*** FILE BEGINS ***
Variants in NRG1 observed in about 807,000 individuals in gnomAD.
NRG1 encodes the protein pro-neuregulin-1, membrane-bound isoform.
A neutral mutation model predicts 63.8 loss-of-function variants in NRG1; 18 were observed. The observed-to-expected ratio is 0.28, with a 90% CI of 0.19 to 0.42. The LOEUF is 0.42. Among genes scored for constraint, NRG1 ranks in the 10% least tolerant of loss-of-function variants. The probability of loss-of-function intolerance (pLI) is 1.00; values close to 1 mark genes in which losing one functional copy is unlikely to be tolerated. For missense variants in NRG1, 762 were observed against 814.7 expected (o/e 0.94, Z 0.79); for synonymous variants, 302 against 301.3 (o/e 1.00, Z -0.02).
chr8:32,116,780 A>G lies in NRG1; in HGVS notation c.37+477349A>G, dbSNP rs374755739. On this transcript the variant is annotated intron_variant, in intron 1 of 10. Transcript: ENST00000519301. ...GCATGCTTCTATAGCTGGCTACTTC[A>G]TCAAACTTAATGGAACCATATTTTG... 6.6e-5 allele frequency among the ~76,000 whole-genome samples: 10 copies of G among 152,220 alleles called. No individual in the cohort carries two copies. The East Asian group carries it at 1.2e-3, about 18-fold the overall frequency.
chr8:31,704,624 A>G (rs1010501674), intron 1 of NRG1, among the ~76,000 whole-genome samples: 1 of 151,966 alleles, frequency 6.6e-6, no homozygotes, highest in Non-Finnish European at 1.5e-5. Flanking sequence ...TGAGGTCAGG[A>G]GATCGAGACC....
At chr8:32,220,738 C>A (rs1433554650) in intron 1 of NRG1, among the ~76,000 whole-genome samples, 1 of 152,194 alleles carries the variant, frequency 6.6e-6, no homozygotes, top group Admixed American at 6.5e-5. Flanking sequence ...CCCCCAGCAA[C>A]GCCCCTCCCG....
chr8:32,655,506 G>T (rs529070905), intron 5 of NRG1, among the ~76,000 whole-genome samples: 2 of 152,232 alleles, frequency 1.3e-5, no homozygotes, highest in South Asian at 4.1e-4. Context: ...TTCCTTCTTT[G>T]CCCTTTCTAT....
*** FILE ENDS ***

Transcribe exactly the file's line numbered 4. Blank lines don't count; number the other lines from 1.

chr8:32,116,780 A>G lies in NRG1; in HGVS notation c.37+477349A>G, dbSNP rs374755739. On this transcript the variant is annotated intron_variant, in intron 1 of 10. Transcript: ENST00000519301. ...GCATGCTTCTATAGCTGGCTACTTC[A>G]TCAAACTTAATGGAACCATATTTTG... 6.6e-5 allele frequency among the ~76,000 whole-genome samples: 10 copies of G among 152,220 alleles called. No individual in the cohort carries two copies. The East Asian group carries it at 1.2e-3, about 18-fold the overall frequency.